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To do the best can seldom be the lot of man; it is sufficient if, when opportunities are presented, he is ready to do good. How little virtue. could be practised if beneficence were to wait always for the most proper objects, and the noblest occasions;-occasions that may never happen, and objects that may never be found!

Ibid, p. 159.

That Charity is best of which the consequences are most extensive.


Of Charity it is superfluous to observe, that it could have no place if there were no want; for of a virtue which could not be practised, the omission could not be culpable. Evil is not only the occasional, but the efficient, cause of charity. We are incited to the relief of misery by the consciousness that we have the same nature with the sufferer; that we are in danger of the same distresses; and may some time implore the same assistance.

Idler, vol. 2, p. 209.


The relief of enemies has a tendency to unite mankind in fraternal affection, to soften the acrimony of adverse nations, and dispose them to peace and amity. In the mean time it alleviates captivity, and takes away something from the miseries of war. The rage of war, however mitigated, will always fill the world with calamity and horror. Let it not then be unnecessarily extended: let animosity and hostility cease together, and no man be longer deemed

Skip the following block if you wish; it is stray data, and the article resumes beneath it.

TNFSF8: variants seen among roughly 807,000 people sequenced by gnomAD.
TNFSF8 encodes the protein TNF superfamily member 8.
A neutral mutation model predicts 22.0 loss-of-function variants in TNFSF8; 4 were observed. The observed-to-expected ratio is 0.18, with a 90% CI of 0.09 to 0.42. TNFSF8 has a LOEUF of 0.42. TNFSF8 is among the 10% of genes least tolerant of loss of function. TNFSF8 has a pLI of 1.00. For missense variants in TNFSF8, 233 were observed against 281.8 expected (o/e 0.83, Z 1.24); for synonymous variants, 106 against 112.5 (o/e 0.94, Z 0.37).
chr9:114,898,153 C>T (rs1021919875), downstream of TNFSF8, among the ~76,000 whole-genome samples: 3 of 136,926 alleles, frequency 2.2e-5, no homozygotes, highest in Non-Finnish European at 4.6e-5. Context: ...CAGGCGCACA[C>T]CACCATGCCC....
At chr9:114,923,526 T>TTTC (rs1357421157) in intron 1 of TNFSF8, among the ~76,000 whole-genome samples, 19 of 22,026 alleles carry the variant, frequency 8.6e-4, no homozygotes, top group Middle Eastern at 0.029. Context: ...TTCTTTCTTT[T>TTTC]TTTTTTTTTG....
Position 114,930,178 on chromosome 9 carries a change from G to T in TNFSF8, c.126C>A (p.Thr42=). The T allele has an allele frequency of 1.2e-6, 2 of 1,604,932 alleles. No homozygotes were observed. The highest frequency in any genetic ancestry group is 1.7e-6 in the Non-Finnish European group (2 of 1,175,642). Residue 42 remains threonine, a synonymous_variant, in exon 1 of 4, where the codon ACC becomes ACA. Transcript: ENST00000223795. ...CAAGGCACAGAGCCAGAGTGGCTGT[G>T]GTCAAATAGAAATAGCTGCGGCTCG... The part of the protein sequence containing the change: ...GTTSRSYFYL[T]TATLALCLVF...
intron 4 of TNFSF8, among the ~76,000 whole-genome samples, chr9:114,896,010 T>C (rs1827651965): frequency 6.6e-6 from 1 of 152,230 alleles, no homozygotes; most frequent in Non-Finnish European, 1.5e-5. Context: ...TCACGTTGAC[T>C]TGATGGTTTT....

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deemed an enemy than while his sword is drawn against us.

Introduction to the Proceedings of the Committee for Clothing French Prifoners, p. 159.


Censure is willingly indulged, because it always implies some superiority. Men please themselves with imagining that they have made a deeper search, or wider survey than others, and detected faults and follies which escape vulgar observation.

Rambler, vol. 1, p. 7.

Those who raise envy will easily incur censure.
Idler, vol. 1, p. 78.


Established custom is not easily broken, till some great event shakes the whole system of things, and life seems to re-commence upon new principles.

Western Islands, p. 18.